Dolly entered college at SMU (Southern Methodist University) as a 16-year-old piano major in 1964. In 1974, she returned to Dallas to attend SMU School of Law. At that time, she was a newly-single mom with three daughters who were entering kindergarten, first, and third grades. (Dolly is thinking about writing a “how-to” book based on that three-year adventure.) While in law school, she worked occasionally as a model at the Dallas Apparel Mart and as a house model for a women’s clothing manufacturer; she also bought, remodeled, and sold houses. In 1977, Dolly passed the rigorous Texas Bar Exam (without taking a bar review course) even before graduating from SMU with a Juris Doctorate.
Dolly quit her first law-firm job over an Ethics issue. She was never a Miss Goody Two Shoes, but believed that lawyers must maintain the highest standards of ethical conduct in all their professional transactions. Her boss was not so inclined.
Disillusioned with lawyers just three weeks into her legal career, Dolly returned to her passion for working with real estate. Eventually, the mayor of Dallas asked her for help with the issue of deteriorating neighborhoods in various areas of the city, and Dolly responded by founding the non-profit Lawyers for Affordable Housing (LAH) to assist low-income homeowners with real estate matters such as clearing titles and housing consumer fraud.
LAH was featured in an ABA (American Bar Association) monograph, and was nominated for the State Bar of Texas Pro Bono Organization Award. Dolly co-chaired the first Dallas Bar Association “Home Project” which has continued to build a Habitat for Humanity home in Dallas every year for a quarter century. Dolly was named a Fellow of the Texas Bar Foundation for her “outstanding contributions to the administration of justice.” That honor is limited to 1/3 of 1% of Texas attorneys.
Dolly served as an author and speaker for the State Bar of Texas Professional Development Programs in Real Estate Law. She is very proud to be a songwriter member of ASCAP (American Society of Composers Authors and Publishers) and of the CMA (Country Music Association). She has served as a choir director, a teacher of math, Spanish, and music, and as an Adjunct Professor of Writing.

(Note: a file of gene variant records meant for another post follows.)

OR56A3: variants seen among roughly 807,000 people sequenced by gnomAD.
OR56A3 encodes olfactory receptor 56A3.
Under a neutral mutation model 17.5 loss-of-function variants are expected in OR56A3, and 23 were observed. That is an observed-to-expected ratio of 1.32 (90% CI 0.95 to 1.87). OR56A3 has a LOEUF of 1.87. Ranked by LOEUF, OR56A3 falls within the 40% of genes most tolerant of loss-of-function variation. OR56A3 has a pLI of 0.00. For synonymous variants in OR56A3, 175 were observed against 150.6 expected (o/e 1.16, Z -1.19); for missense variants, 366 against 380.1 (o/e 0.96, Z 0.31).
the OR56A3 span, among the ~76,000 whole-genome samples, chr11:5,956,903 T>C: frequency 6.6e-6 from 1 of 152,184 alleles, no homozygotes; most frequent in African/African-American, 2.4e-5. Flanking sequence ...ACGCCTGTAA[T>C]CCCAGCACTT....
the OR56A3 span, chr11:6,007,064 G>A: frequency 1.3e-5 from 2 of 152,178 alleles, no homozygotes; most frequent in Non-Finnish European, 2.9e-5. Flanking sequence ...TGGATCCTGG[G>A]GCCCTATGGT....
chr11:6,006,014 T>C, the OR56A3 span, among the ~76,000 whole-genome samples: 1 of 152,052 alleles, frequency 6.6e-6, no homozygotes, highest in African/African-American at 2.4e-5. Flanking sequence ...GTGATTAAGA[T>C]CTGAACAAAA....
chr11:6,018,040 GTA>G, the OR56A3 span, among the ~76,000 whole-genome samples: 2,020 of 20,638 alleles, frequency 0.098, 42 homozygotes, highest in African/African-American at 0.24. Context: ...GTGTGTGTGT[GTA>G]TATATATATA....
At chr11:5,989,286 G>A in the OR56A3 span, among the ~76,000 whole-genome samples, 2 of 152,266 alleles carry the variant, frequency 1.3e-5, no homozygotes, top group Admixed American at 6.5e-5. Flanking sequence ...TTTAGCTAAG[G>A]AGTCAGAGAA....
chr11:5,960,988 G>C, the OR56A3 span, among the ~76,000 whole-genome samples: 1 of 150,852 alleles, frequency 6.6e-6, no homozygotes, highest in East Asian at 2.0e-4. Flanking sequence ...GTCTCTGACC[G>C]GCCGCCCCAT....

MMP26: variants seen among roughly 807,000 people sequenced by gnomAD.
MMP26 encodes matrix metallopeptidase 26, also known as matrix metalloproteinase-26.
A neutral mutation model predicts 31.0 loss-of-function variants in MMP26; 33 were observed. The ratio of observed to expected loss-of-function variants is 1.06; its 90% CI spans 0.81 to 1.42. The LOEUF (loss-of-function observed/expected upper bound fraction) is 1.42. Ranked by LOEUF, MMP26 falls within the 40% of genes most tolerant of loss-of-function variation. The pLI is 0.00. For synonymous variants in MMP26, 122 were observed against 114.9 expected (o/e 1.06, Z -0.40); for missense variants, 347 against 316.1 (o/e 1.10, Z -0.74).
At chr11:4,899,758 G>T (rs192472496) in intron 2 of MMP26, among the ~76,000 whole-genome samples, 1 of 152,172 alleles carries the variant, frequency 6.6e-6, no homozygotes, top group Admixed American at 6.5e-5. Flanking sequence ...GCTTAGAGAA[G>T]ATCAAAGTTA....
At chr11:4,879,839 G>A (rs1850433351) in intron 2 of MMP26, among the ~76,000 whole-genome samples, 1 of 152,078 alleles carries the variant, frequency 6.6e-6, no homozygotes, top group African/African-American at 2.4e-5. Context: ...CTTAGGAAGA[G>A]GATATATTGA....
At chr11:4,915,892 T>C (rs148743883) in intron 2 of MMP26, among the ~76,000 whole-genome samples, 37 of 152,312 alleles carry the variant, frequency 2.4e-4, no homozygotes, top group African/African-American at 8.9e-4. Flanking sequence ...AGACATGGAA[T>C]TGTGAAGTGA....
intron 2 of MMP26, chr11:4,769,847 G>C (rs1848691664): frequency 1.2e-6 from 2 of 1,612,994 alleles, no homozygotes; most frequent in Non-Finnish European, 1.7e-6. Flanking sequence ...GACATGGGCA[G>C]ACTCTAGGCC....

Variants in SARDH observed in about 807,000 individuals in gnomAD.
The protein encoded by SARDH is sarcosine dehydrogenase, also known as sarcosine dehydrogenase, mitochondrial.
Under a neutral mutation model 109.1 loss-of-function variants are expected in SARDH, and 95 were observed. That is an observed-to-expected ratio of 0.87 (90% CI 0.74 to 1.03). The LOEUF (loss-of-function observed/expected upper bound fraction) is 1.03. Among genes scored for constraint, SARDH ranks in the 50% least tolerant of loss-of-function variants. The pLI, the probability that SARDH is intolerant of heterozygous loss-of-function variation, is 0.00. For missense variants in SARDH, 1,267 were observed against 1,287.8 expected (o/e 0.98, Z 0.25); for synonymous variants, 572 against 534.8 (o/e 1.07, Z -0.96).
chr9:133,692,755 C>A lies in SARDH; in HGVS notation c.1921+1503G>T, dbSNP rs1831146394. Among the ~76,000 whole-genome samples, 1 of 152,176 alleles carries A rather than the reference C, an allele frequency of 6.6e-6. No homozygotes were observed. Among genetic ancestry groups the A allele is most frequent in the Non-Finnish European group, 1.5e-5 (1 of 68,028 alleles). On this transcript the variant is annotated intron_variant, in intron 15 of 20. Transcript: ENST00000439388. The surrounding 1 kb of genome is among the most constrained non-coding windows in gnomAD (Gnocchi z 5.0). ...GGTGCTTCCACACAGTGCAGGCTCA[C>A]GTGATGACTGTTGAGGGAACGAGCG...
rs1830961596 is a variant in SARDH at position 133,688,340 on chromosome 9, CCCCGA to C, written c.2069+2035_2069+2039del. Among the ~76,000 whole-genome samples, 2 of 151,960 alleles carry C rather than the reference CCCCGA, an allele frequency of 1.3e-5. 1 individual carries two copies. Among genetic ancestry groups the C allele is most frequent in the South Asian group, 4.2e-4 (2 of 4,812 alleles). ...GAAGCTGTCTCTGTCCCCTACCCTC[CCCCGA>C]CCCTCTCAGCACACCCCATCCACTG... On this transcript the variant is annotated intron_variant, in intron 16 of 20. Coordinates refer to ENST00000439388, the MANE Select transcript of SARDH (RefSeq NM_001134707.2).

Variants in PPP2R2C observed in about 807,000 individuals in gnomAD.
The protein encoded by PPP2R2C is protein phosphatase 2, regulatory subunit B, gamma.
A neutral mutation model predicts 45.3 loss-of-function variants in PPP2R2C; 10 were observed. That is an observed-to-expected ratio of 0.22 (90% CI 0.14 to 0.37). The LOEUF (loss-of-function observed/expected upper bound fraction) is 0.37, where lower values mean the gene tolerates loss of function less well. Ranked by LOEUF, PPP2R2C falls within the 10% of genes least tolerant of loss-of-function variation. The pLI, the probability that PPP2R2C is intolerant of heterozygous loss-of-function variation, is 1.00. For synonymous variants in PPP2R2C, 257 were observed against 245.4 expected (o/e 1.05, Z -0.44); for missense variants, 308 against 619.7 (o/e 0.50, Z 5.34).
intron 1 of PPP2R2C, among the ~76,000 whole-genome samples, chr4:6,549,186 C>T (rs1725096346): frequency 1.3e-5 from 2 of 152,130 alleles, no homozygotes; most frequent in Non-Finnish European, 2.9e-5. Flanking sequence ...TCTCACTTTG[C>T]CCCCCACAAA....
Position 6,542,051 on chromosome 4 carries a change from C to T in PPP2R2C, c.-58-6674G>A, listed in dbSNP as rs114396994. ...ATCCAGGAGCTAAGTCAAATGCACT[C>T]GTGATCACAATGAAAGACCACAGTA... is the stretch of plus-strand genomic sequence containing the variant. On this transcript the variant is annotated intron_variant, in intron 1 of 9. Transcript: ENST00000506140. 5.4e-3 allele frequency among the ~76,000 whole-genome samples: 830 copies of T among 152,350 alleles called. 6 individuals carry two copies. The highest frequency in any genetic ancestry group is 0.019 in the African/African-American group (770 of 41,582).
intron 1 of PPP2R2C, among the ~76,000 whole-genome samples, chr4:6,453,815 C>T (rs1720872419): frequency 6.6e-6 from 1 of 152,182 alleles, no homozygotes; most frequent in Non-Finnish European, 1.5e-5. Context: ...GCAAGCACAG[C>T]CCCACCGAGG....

Like many people who are professionally successful and who outwardly appear to “have it all together,” Dolly harbored hidden issues that needed to be addressed. She began writing therapeutic journals to work through her feelings, and she soon realized that the journals were filled with interesting stories that could be the basis for a novel.
She was still involved in her on-again, off-again love affair with her childhood friend/high school boyfriend Billy Clinton, who was the governor of Arkansas at the time. She talked about her book ideas with him, and he encouraged her to write what was in her heart. Dolly compromised by fictionalizing the setting and characters, primarily to disguise the identity of the ambitious politician. If Billy Clinton had been content with being governor, there might not have been a problem.
Various “journalistic” sources online provide some of the ensuing history, including the 30th high school reunion scene, the federal lawsuits, Billy Clinton’s blatantly false and perjurious testimony about the (believe it or not!) high school reunion, the public portions of the impeachment proceedings, the overt and covert operations against any woman (or man) who dared to speak about Billy Clinton’s sexual abuses, and plenty of articles about Dolly herself, many of which contain more fiction than fact.
Having survived the personal and professional attacks against her for telling the truth in fiction as well as under oath, Dolly is happily living back home in Arkansas. Her children are grown and healthy; her pets have all been buried; and most of her house plants are silk. Life is good.